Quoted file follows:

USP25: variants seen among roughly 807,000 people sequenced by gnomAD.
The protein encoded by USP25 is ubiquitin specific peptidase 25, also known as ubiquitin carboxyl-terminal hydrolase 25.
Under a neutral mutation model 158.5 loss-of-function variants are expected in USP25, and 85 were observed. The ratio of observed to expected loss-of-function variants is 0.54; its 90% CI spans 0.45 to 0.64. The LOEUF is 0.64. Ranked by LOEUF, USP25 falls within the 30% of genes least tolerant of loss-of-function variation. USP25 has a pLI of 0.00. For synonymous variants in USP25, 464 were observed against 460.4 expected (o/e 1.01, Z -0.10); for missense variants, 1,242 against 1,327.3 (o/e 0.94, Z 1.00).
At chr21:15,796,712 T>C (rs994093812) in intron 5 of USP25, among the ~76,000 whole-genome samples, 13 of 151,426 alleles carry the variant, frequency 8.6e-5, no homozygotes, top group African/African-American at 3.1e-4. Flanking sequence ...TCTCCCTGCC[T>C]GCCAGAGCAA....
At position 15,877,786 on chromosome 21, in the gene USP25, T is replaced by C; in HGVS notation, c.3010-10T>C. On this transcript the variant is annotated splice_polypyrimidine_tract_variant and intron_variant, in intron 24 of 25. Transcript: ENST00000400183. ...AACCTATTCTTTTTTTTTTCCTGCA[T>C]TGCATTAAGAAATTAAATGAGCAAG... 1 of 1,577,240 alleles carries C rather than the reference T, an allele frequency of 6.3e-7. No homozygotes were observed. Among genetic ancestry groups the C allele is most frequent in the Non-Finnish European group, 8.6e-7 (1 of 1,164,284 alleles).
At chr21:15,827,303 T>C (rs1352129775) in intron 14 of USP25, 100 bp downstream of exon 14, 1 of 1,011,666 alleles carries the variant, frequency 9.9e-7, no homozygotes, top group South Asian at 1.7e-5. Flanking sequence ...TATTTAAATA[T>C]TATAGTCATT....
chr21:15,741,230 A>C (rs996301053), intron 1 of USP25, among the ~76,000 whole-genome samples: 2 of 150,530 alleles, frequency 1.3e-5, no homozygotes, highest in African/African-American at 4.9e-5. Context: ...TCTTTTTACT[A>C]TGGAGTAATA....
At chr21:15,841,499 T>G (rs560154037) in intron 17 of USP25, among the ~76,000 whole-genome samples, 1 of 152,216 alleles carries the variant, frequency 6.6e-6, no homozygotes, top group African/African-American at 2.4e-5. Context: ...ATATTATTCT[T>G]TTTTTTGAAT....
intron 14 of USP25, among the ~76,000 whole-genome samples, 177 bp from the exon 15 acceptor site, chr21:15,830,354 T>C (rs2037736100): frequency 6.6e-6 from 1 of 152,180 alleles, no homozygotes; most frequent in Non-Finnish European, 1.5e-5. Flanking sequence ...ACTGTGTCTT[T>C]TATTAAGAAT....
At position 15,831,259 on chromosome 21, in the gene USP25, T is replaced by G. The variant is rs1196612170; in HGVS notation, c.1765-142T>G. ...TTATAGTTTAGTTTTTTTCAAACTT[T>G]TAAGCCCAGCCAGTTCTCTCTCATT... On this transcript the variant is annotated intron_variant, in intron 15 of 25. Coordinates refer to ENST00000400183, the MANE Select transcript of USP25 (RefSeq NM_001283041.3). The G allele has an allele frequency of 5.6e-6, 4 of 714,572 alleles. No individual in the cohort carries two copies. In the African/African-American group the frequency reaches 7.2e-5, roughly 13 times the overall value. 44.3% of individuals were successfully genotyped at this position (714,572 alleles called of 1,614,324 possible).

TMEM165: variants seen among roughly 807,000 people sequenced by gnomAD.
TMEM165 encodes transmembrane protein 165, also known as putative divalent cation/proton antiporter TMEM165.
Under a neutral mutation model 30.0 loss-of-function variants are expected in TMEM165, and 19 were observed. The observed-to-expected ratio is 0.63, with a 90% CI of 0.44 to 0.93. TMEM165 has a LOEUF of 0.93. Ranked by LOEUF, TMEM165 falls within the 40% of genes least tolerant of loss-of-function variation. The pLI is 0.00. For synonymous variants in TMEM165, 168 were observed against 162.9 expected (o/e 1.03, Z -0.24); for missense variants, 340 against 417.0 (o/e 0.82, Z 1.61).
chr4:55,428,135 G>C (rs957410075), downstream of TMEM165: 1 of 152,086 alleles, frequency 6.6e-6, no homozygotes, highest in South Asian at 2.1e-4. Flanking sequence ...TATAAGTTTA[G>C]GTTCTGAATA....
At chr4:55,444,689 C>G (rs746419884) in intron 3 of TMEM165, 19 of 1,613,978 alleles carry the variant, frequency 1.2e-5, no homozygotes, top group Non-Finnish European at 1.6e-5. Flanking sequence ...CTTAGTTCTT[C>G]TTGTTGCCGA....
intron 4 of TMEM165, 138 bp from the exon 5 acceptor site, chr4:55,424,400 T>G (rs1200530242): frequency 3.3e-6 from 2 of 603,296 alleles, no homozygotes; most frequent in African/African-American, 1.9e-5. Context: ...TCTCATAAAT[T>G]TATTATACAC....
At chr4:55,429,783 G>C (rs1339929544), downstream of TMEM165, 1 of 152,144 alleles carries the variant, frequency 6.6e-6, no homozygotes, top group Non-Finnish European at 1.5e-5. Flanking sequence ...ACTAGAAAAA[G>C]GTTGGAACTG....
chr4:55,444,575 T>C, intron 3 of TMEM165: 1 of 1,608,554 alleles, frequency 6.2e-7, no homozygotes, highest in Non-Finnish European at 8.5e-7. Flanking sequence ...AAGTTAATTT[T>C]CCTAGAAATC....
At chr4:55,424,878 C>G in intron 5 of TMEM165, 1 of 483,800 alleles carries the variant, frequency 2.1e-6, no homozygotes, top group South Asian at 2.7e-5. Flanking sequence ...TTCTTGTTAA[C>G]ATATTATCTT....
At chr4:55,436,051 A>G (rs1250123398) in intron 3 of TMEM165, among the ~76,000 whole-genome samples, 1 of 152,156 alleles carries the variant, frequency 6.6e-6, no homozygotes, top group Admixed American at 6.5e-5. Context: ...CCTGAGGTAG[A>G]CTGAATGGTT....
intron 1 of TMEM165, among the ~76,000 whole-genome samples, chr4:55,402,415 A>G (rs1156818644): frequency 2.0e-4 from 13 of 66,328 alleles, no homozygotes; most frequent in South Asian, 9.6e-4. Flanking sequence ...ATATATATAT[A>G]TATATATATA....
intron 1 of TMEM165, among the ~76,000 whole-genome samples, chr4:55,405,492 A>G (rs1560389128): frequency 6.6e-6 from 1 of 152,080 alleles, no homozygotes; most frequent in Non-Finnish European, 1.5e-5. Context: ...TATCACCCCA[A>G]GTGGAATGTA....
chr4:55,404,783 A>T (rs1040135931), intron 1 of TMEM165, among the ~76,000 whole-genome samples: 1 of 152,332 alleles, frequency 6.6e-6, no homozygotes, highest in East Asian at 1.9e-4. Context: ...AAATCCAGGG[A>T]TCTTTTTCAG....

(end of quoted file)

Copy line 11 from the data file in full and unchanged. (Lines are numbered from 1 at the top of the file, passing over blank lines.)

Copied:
TMEM165: variants seen among roughly 807,000 people sequenced by gnomAD.